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A Hick a Slick and a Chick (1948)

A mouse named Elmo, who's a bit of a yokel, goes to beautiful Daisy Lou to woo her. However, he finds her with the slick Blackie.



(story), (story) (as William Scott)


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Complete credited cast:
Elmo the Mouse / Herman / Blackie (voice)


In this cartoon love triangle, a mouse named Daisy Lou has two suitors. One, Elmo, is a modest, scrawny, country mouse with yokel speech and mannerisms, while the other, Blackie, is a smug, suave, muscular sophisticate. When Blackie appears to have won Daisy Lou's affections with a mink stole, Elmo promises to obtain an ermine coat for her. He returns with a fur coat, which he presents to a grateful and adoring Daisy Lou. The fur is from a cat named Herman, whom Elmo thought was ermine and led on a chase around a table, which knocked Herman unconscious so that Elmo could remove a coat-shaped patch of fur. Written by Kevin McCorry <mmccorry@nb.sympatico.ca>

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Release Date:

27 December 1948 (USA)  »

Company Credits

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Technical Specs


Sound Mix:



Aspect Ratio:

1.37 : 1
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Did You Know?


Featured in Up in Smoke (1978) See more »


Arkansas Traveler
Music by Sanford Faulkner
Played when Elmo gives Daisy Lou flowers
Variation played when Elmo crosses the street through traffic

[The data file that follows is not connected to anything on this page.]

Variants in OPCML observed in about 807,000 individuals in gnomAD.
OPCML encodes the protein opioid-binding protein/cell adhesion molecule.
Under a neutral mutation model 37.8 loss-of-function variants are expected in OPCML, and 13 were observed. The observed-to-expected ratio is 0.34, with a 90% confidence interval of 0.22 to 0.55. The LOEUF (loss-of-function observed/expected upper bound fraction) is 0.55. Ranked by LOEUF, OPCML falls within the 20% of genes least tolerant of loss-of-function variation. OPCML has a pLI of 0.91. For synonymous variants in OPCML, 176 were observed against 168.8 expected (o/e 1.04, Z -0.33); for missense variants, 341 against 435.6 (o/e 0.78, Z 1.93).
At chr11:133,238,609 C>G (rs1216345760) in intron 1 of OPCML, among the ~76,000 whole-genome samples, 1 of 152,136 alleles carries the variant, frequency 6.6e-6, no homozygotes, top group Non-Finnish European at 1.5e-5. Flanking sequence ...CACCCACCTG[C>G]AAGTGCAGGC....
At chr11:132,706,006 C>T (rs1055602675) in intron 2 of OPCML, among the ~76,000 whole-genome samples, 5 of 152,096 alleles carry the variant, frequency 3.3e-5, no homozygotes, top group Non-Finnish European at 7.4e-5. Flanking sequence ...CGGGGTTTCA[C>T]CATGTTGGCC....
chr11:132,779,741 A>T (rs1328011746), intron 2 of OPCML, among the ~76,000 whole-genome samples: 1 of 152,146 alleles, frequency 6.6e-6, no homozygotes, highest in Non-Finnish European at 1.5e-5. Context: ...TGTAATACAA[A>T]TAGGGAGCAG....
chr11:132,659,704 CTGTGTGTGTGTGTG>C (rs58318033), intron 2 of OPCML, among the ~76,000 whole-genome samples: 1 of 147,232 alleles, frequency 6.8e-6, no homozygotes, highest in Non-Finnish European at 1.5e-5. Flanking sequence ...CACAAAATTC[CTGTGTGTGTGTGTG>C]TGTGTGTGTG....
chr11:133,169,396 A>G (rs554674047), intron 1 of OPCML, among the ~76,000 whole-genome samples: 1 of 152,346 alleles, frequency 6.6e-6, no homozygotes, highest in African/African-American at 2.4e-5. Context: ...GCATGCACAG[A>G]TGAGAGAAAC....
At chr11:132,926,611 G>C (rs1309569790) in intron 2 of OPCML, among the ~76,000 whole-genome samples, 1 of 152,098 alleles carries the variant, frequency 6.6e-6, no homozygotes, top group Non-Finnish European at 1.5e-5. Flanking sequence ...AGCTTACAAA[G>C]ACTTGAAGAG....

Also played when Elmo says he can get ermine
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User Reviews

Very unusual cartoon even for Art Davis, known for such unique stuff.
22 August 2007 | by (United States) – See all my reviews

This short, which according to more recent info (I tried to correct the date) is from early 1948, is a Cinecolor short and makes unique use of the Popeye storyline with a country bumpkin mouse instead of the Popeye type (Warners themselves would use this for their live monkey short "Orange Blossoms For Violet" and their Daffy Duck cartoon, "Mussle Tussle"), with a mouse Elmo (Stan Freberg and Mel Blanc) planning on an ermine quest--but gets on the ermine in an unusual way...

Great three iris shot opening of the three mice, and use of "Rural Rhymthm", the old Hoosier Hot Shots novelty number. One of Warner Brothers last cartoons about sweetheart mice till Chuck Jones's "Mouse Warming". I noticed something these two have in common--more "sexy" girl mouse leads, a recurring musical theme ("Rural Rhythm" for "A Hick, A SLick, and a Chick", and "L'Amours, ToJours," for "Mouse Warming" (neither mentioned din their respective entries), the supporting appearance of famous WB cats in otherways nearly oneshot cartoons (Sylvetser, here, and Claude in the latter--Art Davis loved depicted Sylvester differently in terms of voice in this and "Cats as Cats Can", but, then this was an early effort of Sylvester) also this and "Mouse Warming" seem to to be the only use (not counting that one Speedy Gonzales shorts with him as a mouse Lothario whose stealing "senereeta mice" is discarded, to use teen or young adult mouse protagonists (though Blackie, the villain, is clearly adult!). BTW the names..the Hick-Elmo and Chick-Daisy Lou. Other sweetheart mouse characters in WB cartoons were either totally adult-type (Friz Freleng's Frankie and Johnny tribute from 1937 "He was her man" and Robert McKimson's Honeymousers) or totally cute kid like (Ironically Tex Avery's "squeaky" (Bernice Hansen voiced) mouse toons!).

And look for a special iris out, too.

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